Someone pulled me up the other day on my use of the word 'authentic' in relation to my review of Red's True BBQ. In hindsight I probably shouldn't have used the A word. There are plenty of experts around who will tell you that no this is not authentic American food at all, but a bastardised faux version, as far removed from the real thing as McDonalds. People often say the same in relation to 'ethnic' food, that it's nothing like the cuisine you get in the homeland. This week, someone on twitter was complaining about the gunpowder chips in Mughli for this very reason. (Quite wrongly in my book. Does it really matter if you can't find these in India if they're as tasty as hell?)
These people suck the joy out of everything like Buzz Killington from Family Guy. Yes we should try and look for 'authenticity' I guess, but any restaurant over here, by it's very nature will be a British version. If we stick to the strict rules on absolutely everything all of the time, we're left with a country like Italy. Although their home-grown cuisine is fabulous, the rules people follow are so strict that they will not allow any deviation. So even modern Michelin star restaurants are fairly thin on the ground over there because of this conservatism.
I'd argue that it's precisely when cultures combine and clash that it gets interesting. Everybody knows that Chicken tikka Masala wasn't created in India, but it doesn't stop it being a classic, and sometimes it's just what you want, albeit after several pints of lager (another Great British tradition).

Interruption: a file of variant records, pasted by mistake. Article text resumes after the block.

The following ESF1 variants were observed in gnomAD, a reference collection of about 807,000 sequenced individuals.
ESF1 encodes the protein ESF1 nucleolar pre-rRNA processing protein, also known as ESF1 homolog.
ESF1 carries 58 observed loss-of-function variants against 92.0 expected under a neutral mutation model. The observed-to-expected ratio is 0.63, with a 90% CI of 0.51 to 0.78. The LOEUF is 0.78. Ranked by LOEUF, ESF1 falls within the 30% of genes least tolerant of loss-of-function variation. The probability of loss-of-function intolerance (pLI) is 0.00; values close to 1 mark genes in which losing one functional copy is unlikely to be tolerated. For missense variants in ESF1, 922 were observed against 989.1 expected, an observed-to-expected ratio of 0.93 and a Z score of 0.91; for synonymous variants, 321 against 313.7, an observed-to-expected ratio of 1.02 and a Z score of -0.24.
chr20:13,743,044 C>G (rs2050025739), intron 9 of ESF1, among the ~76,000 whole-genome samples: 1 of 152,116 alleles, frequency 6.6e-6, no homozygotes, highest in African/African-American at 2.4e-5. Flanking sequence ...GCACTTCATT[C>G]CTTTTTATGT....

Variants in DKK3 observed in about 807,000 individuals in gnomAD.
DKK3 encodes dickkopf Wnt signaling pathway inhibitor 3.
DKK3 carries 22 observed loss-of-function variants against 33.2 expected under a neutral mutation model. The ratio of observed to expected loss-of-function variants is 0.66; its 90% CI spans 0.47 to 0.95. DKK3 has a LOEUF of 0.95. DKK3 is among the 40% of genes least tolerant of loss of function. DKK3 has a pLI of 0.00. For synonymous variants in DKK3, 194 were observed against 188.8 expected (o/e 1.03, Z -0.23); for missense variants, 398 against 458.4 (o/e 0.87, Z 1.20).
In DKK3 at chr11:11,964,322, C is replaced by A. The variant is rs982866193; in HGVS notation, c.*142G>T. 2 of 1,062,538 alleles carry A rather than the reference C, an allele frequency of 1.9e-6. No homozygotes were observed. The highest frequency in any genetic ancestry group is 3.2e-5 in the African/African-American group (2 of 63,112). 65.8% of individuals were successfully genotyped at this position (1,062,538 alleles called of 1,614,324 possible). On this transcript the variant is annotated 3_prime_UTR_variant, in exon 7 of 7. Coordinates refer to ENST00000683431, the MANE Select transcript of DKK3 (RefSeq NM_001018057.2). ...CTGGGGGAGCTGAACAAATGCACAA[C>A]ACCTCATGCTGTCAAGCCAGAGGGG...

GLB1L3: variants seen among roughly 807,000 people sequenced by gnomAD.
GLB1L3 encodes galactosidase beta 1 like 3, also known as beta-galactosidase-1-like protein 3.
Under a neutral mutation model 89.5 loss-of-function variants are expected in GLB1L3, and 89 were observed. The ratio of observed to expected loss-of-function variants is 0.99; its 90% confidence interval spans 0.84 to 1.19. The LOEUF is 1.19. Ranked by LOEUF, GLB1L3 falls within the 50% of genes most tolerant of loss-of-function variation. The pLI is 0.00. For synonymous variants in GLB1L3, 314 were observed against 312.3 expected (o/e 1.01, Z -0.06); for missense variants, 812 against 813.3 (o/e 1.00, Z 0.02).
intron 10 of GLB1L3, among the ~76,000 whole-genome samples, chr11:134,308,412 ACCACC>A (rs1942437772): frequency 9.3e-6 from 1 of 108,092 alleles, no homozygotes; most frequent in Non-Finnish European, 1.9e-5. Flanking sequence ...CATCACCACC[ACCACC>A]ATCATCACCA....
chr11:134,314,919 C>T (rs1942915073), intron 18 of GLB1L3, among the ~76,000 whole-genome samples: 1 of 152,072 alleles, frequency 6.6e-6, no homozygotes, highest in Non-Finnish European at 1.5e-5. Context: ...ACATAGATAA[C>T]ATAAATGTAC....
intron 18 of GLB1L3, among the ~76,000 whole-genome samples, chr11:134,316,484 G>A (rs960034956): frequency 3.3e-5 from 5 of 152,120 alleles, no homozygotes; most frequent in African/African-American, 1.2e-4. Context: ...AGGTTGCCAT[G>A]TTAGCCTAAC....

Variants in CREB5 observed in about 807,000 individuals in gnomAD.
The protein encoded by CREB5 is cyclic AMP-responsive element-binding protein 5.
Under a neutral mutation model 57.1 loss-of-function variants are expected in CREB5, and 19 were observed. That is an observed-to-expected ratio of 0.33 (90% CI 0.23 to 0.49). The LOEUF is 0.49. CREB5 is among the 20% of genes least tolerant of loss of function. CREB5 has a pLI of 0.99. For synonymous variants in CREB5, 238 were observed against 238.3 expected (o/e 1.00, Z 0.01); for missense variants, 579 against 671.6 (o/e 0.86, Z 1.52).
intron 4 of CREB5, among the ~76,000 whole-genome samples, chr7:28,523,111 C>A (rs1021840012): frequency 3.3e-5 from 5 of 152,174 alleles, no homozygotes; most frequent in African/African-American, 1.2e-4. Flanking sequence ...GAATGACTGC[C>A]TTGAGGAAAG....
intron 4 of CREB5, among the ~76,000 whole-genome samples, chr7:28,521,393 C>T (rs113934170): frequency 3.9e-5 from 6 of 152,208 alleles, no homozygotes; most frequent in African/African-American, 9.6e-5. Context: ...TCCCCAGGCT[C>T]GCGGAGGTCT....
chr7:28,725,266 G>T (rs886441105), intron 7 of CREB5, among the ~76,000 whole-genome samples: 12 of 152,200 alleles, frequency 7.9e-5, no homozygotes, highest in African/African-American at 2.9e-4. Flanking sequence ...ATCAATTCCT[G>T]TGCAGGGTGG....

So at the moment there's the never ending burger craze, now it's hot dogs and perhaps BBQ. (I'm hoping for pizza next). We've taken from America just as we've taken from everywhere else, this in fact is the British way.
I've been here in Manchester for over 20 years and it's really never been better for eating out. Yes I moan as much as anyone, we always want it to be better still, but look at what we had even 5 or 10 years ago. It's staggering how much it's changed for the better. There's so much choice now. If you want high end Michelin style you have The French or Manchester House, right down to cheap eats. There's loads of places to get a good burger (no matter what the purists say) in Solita and Almost Famous et al. Indian restaurants are getting more authentic, but they'll do it in a British way like Mughli have done. Taking the best bits and adding their own twist. Cuisine evolves, and things will only get better.
So sod authenticity, whatever it means. I'm going out for a dirty hot dog tonight. (Does anything say Valentine's more than a tube of meat?) It might not be exactly like Nathan's in NY (or wherever) but does it actually matter if I enjoy it?
Disclaimer: I am not an expert, I just like to eat.